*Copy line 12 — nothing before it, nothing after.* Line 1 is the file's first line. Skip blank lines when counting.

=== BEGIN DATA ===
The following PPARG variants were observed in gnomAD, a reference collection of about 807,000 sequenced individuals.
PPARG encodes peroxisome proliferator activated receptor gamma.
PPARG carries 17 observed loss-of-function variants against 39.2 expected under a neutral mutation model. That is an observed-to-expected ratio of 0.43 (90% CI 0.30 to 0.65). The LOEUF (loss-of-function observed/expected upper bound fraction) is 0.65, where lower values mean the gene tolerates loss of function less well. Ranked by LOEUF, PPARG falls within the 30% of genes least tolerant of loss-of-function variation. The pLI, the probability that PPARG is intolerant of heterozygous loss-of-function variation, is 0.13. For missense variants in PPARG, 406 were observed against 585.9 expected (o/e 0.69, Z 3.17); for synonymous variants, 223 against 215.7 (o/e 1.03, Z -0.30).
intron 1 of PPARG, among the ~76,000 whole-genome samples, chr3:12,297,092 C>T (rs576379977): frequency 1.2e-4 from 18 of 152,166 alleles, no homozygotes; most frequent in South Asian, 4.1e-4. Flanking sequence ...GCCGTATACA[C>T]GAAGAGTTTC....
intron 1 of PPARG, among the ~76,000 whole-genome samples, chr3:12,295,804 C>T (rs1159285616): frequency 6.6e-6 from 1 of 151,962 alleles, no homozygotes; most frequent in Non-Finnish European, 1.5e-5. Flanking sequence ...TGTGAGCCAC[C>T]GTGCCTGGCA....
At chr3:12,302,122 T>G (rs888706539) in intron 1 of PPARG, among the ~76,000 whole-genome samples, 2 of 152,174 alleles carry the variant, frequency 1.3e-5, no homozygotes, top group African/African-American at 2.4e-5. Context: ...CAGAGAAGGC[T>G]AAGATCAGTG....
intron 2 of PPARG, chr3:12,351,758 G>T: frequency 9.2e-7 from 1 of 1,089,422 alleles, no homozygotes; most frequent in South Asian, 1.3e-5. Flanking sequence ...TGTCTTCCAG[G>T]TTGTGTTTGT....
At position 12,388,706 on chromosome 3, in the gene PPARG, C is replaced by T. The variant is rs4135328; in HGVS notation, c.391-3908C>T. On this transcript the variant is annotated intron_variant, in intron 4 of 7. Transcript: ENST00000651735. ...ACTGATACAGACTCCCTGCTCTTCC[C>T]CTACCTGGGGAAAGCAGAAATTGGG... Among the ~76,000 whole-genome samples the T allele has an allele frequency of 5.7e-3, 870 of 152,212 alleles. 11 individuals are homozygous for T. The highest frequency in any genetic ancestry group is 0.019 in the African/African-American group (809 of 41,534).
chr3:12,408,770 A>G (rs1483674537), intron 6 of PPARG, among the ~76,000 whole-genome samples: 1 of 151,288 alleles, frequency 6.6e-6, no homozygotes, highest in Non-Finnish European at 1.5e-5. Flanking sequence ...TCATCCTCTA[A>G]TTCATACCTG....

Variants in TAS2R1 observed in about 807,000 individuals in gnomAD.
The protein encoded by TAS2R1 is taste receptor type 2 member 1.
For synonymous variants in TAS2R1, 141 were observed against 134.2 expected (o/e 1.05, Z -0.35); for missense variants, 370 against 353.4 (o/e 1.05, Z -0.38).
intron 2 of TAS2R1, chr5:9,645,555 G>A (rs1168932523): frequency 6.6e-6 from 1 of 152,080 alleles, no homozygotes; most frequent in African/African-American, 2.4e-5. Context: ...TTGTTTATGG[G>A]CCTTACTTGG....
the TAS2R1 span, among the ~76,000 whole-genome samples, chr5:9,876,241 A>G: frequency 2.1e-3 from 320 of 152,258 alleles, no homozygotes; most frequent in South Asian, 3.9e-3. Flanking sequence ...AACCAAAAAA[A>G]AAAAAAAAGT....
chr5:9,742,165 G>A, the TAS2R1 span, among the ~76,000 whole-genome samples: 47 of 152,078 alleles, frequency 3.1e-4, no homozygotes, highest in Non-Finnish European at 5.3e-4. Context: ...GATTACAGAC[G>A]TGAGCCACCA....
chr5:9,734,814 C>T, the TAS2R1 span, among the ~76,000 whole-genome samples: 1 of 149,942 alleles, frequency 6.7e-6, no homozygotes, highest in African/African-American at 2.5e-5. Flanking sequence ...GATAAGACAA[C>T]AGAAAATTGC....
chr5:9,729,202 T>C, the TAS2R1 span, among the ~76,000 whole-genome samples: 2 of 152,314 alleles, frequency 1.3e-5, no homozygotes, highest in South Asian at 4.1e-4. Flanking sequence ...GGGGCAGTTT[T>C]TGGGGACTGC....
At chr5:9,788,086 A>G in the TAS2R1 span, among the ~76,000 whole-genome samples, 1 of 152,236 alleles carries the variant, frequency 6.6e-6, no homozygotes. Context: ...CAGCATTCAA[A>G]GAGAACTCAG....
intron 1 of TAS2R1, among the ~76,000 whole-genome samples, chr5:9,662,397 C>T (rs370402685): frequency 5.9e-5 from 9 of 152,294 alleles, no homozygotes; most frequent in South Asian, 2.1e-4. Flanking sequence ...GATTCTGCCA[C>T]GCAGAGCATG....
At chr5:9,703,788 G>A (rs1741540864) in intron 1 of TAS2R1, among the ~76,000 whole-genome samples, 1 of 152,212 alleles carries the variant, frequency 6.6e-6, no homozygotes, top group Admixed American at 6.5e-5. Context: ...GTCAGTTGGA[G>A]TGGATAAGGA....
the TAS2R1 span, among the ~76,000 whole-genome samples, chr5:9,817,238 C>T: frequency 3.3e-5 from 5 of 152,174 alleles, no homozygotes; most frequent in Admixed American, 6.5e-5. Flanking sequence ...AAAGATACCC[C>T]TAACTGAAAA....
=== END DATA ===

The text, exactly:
For synonymous variants in TAS2R1, 141 were observed against 134.2 expected (o/e 1.05, Z -0.35); for missense variants, 370 against 353.4 (o/e 1.05, Z -0.38).